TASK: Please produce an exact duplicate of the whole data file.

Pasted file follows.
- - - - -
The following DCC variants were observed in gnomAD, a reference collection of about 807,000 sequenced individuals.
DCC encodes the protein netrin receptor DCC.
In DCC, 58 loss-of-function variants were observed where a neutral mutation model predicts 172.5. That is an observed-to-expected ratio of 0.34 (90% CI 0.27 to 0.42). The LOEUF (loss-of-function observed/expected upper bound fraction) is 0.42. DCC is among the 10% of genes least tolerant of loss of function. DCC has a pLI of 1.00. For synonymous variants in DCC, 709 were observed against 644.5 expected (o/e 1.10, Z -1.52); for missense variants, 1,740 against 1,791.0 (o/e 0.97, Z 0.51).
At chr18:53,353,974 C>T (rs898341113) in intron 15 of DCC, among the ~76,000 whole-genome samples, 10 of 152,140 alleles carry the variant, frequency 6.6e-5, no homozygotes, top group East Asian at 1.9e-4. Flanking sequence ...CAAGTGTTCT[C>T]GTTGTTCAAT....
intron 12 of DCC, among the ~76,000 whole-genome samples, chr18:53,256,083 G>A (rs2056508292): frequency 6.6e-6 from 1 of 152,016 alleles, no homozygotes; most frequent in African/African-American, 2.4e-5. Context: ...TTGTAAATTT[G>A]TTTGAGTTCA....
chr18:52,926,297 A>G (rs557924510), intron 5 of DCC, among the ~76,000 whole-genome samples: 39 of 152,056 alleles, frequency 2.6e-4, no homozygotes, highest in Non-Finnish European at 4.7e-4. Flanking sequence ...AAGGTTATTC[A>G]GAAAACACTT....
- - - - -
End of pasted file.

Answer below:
The following DCC variants were observed in gnomAD, a reference collection of about 807,000 sequenced individuals.
DCC encodes the protein netrin receptor DCC.
In DCC, 58 loss-of-function variants were observed where a neutral mutation model predicts 172.5. That is an observed-to-expected ratio of 0.34 (90% CI 0.27 to 0.42). The LOEUF (loss-of-function observed/expected upper bound fraction) is 0.42. DCC is among the 10% of genes least tolerant of loss of function. DCC has a pLI of 1.00. For synonymous variants in DCC, 709 were observed against 644.5 expected (o/e 1.10, Z -1.52); for missense variants, 1,740 against 1,791.0 (o/e 0.97, Z 0.51).
At chr18:53,353,974 C>T (rs898341113) in intron 15 of DCC, among the ~76,000 whole-genome samples, 10 of 152,140 alleles carry the variant, frequency 6.6e-5, no homozygotes, top group East Asian at 1.9e-4. Flanking sequence ...CAAGTGTTCT[C>T]GTTGTTCAAT....
intron 12 of DCC, among the ~76,000 whole-genome samples, chr18:53,256,083 G>A (rs2056508292): frequency 6.6e-6 from 1 of 152,016 alleles, no homozygotes; most frequent in African/African-American, 2.4e-5. Context: ...TTGTAAATTT[G>A]TTTGAGTTCA....
chr18:52,926,297 A>G (rs557924510), intron 5 of DCC, among the ~76,000 whole-genome samples: 39 of 152,056 alleles, frequency 2.6e-4, no homozygotes, highest in Non-Finnish European at 4.7e-4. Flanking sequence ...AAGGTTATTC[A>G]GAAAACACTT....